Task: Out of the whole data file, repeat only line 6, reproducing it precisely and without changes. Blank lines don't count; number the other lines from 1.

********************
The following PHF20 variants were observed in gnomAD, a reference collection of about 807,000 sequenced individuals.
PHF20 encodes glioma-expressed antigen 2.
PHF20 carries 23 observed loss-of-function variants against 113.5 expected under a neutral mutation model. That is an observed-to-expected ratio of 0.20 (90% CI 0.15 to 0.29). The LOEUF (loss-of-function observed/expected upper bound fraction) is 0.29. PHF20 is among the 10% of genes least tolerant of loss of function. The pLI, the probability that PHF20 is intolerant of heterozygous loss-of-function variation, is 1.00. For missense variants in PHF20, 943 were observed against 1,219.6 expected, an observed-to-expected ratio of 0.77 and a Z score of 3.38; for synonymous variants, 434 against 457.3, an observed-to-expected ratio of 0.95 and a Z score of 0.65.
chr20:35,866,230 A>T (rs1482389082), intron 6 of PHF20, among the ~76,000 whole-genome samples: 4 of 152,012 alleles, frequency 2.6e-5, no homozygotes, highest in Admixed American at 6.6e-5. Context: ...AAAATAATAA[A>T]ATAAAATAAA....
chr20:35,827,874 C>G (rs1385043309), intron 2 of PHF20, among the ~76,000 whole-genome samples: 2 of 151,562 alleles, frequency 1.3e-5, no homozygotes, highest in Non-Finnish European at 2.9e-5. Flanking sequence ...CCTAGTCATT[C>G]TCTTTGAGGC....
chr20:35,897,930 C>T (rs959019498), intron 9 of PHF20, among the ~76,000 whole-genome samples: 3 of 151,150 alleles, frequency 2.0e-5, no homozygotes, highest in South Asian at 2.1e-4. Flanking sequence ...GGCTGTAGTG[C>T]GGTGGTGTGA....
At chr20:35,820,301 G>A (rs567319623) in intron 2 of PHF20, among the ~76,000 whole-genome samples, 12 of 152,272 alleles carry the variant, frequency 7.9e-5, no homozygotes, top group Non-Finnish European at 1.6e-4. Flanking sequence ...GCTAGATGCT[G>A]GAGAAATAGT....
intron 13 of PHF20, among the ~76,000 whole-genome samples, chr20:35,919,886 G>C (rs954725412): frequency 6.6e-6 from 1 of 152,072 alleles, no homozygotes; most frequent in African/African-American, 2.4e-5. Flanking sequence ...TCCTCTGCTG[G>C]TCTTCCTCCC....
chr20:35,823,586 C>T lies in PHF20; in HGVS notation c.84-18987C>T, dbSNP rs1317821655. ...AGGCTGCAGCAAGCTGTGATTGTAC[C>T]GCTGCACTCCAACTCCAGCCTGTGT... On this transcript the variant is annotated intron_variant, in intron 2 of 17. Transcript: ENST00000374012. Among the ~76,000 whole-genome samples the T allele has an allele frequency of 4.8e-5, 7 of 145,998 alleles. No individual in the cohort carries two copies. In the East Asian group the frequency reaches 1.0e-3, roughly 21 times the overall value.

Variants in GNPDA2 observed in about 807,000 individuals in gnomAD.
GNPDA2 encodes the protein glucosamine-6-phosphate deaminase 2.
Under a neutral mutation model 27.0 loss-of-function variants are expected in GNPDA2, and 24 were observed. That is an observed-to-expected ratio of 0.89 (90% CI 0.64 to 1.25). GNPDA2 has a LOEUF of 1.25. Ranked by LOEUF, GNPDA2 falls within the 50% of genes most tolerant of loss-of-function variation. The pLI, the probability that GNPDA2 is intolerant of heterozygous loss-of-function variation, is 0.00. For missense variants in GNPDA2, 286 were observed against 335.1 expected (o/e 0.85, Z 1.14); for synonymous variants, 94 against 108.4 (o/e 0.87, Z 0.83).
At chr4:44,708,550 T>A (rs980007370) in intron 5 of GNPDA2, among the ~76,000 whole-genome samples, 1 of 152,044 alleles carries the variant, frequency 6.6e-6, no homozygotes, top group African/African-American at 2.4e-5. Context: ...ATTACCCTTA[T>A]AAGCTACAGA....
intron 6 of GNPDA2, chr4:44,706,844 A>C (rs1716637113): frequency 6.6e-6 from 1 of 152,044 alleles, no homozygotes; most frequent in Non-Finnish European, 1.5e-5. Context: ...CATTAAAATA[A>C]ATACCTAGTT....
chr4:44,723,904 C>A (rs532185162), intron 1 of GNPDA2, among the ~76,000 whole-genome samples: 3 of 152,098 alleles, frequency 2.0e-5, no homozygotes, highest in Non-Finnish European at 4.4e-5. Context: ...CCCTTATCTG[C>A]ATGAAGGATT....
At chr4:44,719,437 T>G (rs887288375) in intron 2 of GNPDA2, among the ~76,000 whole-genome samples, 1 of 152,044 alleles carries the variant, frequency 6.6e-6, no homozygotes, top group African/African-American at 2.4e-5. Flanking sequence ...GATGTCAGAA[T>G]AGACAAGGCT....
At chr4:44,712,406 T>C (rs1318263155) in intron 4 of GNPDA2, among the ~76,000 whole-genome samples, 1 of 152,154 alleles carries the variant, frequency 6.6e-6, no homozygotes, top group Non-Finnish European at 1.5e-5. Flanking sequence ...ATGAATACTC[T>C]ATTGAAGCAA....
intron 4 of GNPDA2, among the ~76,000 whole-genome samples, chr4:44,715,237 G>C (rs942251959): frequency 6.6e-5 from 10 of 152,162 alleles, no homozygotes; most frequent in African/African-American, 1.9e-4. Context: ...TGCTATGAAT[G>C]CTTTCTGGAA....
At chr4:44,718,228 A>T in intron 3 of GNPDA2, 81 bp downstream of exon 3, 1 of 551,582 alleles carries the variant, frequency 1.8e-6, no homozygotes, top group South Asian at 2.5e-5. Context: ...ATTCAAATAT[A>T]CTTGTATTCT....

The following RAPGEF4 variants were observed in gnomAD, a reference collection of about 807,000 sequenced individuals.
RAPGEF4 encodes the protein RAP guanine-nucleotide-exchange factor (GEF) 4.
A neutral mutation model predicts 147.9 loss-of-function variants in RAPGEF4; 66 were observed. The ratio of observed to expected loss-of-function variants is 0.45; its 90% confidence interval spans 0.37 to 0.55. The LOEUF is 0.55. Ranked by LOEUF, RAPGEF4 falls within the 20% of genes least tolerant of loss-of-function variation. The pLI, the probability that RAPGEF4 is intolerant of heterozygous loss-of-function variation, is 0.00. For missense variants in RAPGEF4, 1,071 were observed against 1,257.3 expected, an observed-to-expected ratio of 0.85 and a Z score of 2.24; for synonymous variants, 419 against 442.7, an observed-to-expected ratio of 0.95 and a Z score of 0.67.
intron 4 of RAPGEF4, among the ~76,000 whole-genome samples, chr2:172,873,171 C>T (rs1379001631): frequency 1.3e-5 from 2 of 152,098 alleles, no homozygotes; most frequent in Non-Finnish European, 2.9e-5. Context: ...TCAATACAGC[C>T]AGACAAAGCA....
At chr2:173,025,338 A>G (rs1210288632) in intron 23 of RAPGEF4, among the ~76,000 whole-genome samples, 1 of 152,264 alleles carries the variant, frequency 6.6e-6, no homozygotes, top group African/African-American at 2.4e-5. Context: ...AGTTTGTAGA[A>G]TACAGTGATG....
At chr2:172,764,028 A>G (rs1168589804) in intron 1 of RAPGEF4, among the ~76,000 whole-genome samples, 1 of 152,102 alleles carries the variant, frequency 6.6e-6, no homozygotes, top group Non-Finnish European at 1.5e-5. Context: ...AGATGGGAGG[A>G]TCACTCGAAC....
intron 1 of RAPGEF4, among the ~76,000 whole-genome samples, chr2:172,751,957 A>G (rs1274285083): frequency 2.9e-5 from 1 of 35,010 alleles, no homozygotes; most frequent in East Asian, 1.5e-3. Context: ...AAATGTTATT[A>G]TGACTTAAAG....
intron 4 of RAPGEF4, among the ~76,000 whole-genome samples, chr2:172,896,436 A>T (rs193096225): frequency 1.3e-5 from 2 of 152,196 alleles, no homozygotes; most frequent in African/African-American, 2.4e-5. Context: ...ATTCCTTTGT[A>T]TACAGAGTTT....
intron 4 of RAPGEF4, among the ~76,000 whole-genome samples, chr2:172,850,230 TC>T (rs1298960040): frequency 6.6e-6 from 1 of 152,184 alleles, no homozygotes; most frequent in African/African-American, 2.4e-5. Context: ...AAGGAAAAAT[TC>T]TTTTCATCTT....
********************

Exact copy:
chr20:35,897,930 C>T (rs959019498), intron 9 of PHF20, among the ~76,000 whole-genome samples: 3 of 151,150 alleles, frequency 2.0e-5, no homozygotes, highest in South Asian at 2.1e-4. Flanking sequence ...GGCTGTAGTG[C>T]GGTGGTGTGA....